McDonald's left Iceland in 2009, but a single Big Mac remains for the ages

In 2009, McDonald's closed all three of their restaurants in Iceland. One of the last customers, Hjörtur Smárason, purchased a Big Mac and fries. He had heard that the food never decomposes so he put it on a shelf in his garage as an experiment, and eventually forgot about it. Ten years ago, he found the bag with the food inside. Now it's an historical artifact of the country's fast food past. From Atlas Obscura:

Smárason says that he was reluctant to open the bag at the time, remembering the decomposed sandwich that once spent an entire summer at the bottom of his child's school backpack. But upon opening the sack, "it looked like I bought it just 15 minutes earlier," he says. "And the same with the fries, it all looked almost new. Just turned cold on the way home."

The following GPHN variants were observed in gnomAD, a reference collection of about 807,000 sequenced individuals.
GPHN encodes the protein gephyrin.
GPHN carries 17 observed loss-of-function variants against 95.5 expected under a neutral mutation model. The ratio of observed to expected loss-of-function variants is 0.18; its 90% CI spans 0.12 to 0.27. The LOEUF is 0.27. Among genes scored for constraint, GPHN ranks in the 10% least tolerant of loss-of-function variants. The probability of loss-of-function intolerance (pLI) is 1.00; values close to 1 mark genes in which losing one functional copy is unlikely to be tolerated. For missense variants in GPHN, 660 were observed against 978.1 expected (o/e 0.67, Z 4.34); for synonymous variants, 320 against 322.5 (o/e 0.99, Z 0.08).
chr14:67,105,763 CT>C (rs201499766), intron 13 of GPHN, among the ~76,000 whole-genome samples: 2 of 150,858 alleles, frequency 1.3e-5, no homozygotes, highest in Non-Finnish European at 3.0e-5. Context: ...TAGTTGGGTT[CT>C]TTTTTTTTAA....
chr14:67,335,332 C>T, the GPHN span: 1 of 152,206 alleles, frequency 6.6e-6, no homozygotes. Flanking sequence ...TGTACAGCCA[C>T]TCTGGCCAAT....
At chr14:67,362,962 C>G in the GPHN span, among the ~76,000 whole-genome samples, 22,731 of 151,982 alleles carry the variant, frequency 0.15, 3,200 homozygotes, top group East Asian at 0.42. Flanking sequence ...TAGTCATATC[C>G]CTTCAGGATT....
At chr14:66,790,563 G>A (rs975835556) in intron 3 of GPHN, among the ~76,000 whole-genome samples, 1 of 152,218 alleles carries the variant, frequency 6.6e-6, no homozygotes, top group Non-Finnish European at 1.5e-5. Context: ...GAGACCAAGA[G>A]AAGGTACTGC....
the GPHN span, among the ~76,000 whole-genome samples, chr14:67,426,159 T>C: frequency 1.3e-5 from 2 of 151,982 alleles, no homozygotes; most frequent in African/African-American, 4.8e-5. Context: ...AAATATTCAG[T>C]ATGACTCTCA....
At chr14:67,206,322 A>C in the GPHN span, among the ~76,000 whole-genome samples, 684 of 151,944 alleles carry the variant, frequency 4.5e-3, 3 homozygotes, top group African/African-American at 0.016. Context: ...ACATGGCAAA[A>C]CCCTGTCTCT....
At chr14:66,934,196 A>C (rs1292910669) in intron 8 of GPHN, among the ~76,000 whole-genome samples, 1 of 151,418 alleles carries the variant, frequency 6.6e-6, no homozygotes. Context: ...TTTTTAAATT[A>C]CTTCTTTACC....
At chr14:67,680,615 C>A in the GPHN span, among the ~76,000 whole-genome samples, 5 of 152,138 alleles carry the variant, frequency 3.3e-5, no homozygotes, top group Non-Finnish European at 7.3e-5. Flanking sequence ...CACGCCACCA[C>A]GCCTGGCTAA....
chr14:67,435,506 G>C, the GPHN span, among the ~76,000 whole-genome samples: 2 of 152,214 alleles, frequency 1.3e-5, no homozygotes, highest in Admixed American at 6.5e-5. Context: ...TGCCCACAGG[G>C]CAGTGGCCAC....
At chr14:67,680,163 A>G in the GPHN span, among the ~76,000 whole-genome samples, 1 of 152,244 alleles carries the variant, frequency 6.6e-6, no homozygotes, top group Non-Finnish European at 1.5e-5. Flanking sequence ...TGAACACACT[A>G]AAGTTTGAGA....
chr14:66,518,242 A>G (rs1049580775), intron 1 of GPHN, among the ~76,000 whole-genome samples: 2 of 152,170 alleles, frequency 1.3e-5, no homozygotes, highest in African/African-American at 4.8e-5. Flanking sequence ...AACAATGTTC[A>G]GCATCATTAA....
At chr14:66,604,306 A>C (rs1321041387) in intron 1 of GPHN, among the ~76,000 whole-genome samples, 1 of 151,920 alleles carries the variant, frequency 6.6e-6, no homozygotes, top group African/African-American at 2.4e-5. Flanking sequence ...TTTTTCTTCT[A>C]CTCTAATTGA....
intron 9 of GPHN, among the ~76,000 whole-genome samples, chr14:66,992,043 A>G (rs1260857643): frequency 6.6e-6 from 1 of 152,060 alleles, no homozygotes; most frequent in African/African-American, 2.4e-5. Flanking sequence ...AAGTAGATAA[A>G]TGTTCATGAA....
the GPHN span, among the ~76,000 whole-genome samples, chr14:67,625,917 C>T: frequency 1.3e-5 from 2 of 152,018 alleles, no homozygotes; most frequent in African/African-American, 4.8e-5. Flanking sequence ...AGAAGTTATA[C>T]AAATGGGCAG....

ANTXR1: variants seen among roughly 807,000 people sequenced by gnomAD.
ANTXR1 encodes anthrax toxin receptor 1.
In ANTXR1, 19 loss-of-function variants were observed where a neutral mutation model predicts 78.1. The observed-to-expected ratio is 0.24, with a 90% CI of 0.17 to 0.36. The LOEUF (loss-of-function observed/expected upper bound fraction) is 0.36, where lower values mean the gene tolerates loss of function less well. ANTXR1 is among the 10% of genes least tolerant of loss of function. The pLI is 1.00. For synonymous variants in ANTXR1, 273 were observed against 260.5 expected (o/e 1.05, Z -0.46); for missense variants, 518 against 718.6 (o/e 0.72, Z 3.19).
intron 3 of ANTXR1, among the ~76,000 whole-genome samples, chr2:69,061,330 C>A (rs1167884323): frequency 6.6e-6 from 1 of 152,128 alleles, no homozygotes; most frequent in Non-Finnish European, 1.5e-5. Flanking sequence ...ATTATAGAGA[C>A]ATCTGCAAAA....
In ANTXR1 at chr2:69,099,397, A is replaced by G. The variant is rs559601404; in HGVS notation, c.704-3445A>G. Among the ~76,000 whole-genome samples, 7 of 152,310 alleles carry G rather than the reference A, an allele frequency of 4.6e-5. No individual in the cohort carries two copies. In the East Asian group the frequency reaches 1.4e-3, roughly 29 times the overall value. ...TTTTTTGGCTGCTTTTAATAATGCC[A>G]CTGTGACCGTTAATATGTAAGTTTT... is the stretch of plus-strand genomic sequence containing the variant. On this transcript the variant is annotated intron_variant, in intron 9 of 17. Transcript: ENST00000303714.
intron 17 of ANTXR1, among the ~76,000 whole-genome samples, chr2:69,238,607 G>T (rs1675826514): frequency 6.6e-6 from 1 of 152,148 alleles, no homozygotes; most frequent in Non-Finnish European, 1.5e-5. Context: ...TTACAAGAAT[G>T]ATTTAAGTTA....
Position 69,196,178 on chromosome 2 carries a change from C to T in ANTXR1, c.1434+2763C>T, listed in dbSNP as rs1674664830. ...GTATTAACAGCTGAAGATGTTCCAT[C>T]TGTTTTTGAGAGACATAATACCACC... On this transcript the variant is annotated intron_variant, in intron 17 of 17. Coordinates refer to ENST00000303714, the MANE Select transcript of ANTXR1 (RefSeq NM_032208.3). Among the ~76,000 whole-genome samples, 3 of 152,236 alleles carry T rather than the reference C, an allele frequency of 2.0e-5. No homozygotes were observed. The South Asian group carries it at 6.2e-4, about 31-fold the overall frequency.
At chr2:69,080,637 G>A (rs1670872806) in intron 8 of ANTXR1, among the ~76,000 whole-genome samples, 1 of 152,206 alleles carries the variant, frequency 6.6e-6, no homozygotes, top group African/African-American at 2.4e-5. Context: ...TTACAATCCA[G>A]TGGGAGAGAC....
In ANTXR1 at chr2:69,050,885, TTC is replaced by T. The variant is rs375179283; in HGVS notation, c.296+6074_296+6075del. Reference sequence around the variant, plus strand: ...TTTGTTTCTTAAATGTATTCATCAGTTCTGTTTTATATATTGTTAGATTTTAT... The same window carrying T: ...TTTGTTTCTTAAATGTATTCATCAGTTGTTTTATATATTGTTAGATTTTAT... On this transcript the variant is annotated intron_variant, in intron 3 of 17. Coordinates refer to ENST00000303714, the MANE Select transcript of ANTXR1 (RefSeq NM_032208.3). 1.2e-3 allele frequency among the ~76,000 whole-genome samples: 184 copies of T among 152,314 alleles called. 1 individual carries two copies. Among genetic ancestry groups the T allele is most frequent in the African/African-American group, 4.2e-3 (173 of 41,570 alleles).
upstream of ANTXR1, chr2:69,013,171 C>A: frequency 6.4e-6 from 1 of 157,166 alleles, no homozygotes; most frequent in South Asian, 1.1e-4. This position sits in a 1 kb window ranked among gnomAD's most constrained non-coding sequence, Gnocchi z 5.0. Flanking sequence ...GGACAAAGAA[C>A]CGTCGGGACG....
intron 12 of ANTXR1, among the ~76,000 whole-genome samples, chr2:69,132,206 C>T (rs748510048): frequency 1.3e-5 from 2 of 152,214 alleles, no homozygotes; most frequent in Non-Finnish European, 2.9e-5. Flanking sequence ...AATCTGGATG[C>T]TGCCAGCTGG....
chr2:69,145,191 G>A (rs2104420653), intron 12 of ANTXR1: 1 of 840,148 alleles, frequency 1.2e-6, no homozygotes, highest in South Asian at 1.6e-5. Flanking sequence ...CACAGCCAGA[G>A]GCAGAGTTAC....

It wasn't long before Smárason realized what a treasure he had. "This was now like a historical artifact that belonged to Iceland," proclaims Smárason. "The last McDonald's burger in Iceland. And what do you do with a historical artifact? You put it in a museum." The meal spent a year at the National Museum of Iceland before the institution worried that it would decompose under their care. (In 2020, McDonald's put out a statement claiming that their burgers don't seem to decompose due to a lack of moisture, instead of some nefarious preservative.) Smárason then gave it to the Bus Hostel Reykjavik, where the meal spent years on display. Now, it resides at another hostel, the Snotra House, in southern Iceland.

Unfortunately, the livestream of the Big Mac is currently down.